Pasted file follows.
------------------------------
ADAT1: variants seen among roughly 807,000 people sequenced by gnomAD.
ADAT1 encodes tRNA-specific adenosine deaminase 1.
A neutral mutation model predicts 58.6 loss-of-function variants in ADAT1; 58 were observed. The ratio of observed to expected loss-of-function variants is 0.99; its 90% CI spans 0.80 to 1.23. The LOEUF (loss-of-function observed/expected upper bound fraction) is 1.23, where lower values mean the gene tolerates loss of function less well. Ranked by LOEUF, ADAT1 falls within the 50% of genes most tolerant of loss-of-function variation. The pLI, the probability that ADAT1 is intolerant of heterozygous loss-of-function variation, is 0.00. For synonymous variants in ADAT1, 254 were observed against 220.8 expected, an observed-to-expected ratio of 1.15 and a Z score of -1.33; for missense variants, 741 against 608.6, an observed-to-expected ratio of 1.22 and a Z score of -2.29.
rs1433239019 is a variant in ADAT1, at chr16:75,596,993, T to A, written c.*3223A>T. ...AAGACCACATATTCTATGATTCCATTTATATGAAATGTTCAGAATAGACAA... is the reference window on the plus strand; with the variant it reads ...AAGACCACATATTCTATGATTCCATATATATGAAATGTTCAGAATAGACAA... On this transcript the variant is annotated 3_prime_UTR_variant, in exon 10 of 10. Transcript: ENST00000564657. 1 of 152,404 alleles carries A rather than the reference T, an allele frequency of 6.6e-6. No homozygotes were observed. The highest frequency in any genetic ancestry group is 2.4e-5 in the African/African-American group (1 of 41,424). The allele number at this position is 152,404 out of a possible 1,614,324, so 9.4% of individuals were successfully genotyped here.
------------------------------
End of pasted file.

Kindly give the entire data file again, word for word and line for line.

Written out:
ADAT1: variants seen among roughly 807,000 people sequenced by gnomAD.
ADAT1 encodes tRNA-specific adenosine deaminase 1.
A neutral mutation model predicts 58.6 loss-of-function variants in ADAT1; 58 were observed. The ratio of observed to expected loss-of-function variants is 0.99; its 90% CI spans 0.80 to 1.23. The LOEUF (loss-of-function observed/expected upper bound fraction) is 1.23, where lower values mean the gene tolerates loss of function less well. Ranked by LOEUF, ADAT1 falls within the 50% of genes most tolerant of loss-of-function variation. The pLI, the probability that ADAT1 is intolerant of heterozygous loss-of-function variation, is 0.00. For synonymous variants in ADAT1, 254 were observed against 220.8 expected, an observed-to-expected ratio of 1.15 and a Z score of -1.33; for missense variants, 741 against 608.6, an observed-to-expected ratio of 1.22 and a Z score of -2.29.
rs1433239019 is a variant in ADAT1, at chr16:75,596,993, T to A, written c.*3223A>T. ...AAGACCACATATTCTATGATTCCATTTATATGAAATGTTCAGAATAGACAA... is the reference window on the plus strand; with the variant it reads ...AAGACCACATATTCTATGATTCCATATATATGAAATGTTCAGAATAGACAA... On this transcript the variant is annotated 3_prime_UTR_variant, in exon 10 of 10. Transcript: ENST00000564657. 1 of 152,404 alleles carries A rather than the reference T, an allele frequency of 6.6e-6. No homozygotes were observed. The highest frequency in any genetic ancestry group is 2.4e-5 in the African/African-American group (1 of 41,424). The allele number at this position is 152,404 out of a possible 1,614,324, so 9.4% of individuals were successfully genotyped here.